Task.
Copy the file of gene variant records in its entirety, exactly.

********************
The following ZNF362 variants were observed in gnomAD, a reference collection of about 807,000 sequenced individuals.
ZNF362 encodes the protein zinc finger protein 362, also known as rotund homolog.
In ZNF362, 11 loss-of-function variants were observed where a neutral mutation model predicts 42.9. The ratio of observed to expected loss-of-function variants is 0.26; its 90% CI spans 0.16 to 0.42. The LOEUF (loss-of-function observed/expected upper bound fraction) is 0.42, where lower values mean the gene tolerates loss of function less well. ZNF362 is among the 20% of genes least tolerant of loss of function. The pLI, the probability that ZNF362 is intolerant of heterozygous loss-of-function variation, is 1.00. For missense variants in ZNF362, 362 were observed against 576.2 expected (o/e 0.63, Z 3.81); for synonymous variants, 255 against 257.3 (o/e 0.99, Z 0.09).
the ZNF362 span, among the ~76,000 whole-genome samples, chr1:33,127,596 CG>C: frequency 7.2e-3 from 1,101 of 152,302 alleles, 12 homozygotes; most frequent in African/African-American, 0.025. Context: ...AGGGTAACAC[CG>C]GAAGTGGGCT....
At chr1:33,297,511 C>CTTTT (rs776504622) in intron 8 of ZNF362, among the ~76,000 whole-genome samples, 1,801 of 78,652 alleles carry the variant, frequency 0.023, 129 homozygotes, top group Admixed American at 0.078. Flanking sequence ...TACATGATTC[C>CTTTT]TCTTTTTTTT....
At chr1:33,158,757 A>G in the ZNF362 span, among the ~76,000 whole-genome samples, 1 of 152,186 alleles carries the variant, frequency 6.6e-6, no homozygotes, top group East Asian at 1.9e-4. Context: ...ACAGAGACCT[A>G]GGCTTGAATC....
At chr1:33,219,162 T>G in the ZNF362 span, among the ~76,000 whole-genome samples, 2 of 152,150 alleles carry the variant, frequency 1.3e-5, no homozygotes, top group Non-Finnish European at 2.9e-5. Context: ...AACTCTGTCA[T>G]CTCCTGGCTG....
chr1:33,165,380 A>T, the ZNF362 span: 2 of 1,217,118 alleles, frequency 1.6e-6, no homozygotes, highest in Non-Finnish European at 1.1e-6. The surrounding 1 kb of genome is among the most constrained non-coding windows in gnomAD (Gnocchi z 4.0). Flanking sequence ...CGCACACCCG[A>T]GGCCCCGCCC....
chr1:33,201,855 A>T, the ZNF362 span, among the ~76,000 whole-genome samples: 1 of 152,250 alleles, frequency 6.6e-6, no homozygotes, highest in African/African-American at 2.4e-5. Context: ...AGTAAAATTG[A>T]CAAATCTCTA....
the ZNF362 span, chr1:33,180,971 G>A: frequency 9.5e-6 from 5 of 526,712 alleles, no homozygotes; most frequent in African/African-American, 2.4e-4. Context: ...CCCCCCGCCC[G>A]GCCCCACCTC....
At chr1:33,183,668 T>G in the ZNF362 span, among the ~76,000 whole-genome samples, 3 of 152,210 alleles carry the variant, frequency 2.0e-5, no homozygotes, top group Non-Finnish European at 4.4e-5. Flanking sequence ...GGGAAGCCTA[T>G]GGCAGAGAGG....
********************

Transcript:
The following ZNF362 variants were observed in gnomAD, a reference collection of about 807,000 sequenced individuals.
ZNF362 encodes the protein zinc finger protein 362, also known as rotund homolog.
In ZNF362, 11 loss-of-function variants were observed where a neutral mutation model predicts 42.9. The ratio of observed to expected loss-of-function variants is 0.26; its 90% CI spans 0.16 to 0.42. The LOEUF (loss-of-function observed/expected upper bound fraction) is 0.42, where lower values mean the gene tolerates loss of function less well. ZNF362 is among the 20% of genes least tolerant of loss of function. The pLI, the probability that ZNF362 is intolerant of heterozygous loss-of-function variation, is 1.00. For missense variants in ZNF362, 362 were observed against 576.2 expected (o/e 0.63, Z 3.81); for synonymous variants, 255 against 257.3 (o/e 0.99, Z 0.09).
the ZNF362 span, among the ~76,000 whole-genome samples, chr1:33,127,596 CG>C: frequency 7.2e-3 from 1,101 of 152,302 alleles, 12 homozygotes; most frequent in African/African-American, 0.025. Context: ...AGGGTAACAC[CG>C]GAAGTGGGCT....
At chr1:33,297,511 C>CTTTT (rs776504622) in intron 8 of ZNF362, among the ~76,000 whole-genome samples, 1,801 of 78,652 alleles carry the variant, frequency 0.023, 129 homozygotes, top group Admixed American at 0.078. Flanking sequence ...TACATGATTC[C>CTTTT]TCTTTTTTTT....
At chr1:33,158,757 A>G in the ZNF362 span, among the ~76,000 whole-genome samples, 1 of 152,186 alleles carries the variant, frequency 6.6e-6, no homozygotes, top group East Asian at 1.9e-4. Context: ...ACAGAGACCT[A>G]GGCTTGAATC....
At chr1:33,219,162 T>G in the ZNF362 span, among the ~76,000 whole-genome samples, 2 of 152,150 alleles carry the variant, frequency 1.3e-5, no homozygotes, top group Non-Finnish European at 2.9e-5. Context: ...AACTCTGTCA[T>G]CTCCTGGCTG....
chr1:33,165,380 A>T, the ZNF362 span: 2 of 1,217,118 alleles, frequency 1.6e-6, no homozygotes, highest in Non-Finnish European at 1.1e-6. The surrounding 1 kb of genome is among the most constrained non-coding windows in gnomAD (Gnocchi z 4.0). Flanking sequence ...CGCACACCCG[A>T]GGCCCCGCCC....
chr1:33,201,855 A>T, the ZNF362 span, among the ~76,000 whole-genome samples: 1 of 152,250 alleles, frequency 6.6e-6, no homozygotes, highest in African/African-American at 2.4e-5. Context: ...AGTAAAATTG[A>T]CAAATCTCTA....
the ZNF362 span, chr1:33,180,971 G>A: frequency 9.5e-6 from 5 of 526,712 alleles, no homozygotes; most frequent in African/African-American, 2.4e-4. Context: ...CCCCCCGCCC[G>A]GCCCCACCTC....
At chr1:33,183,668 T>G in the ZNF362 span, among the ~76,000 whole-genome samples, 3 of 152,210 alleles carry the variant, frequency 2.0e-5, no homozygotes, top group Non-Finnish European at 4.4e-5. Flanking sequence ...GGGAAGCCTA[T>G]GGCAGAGAGG....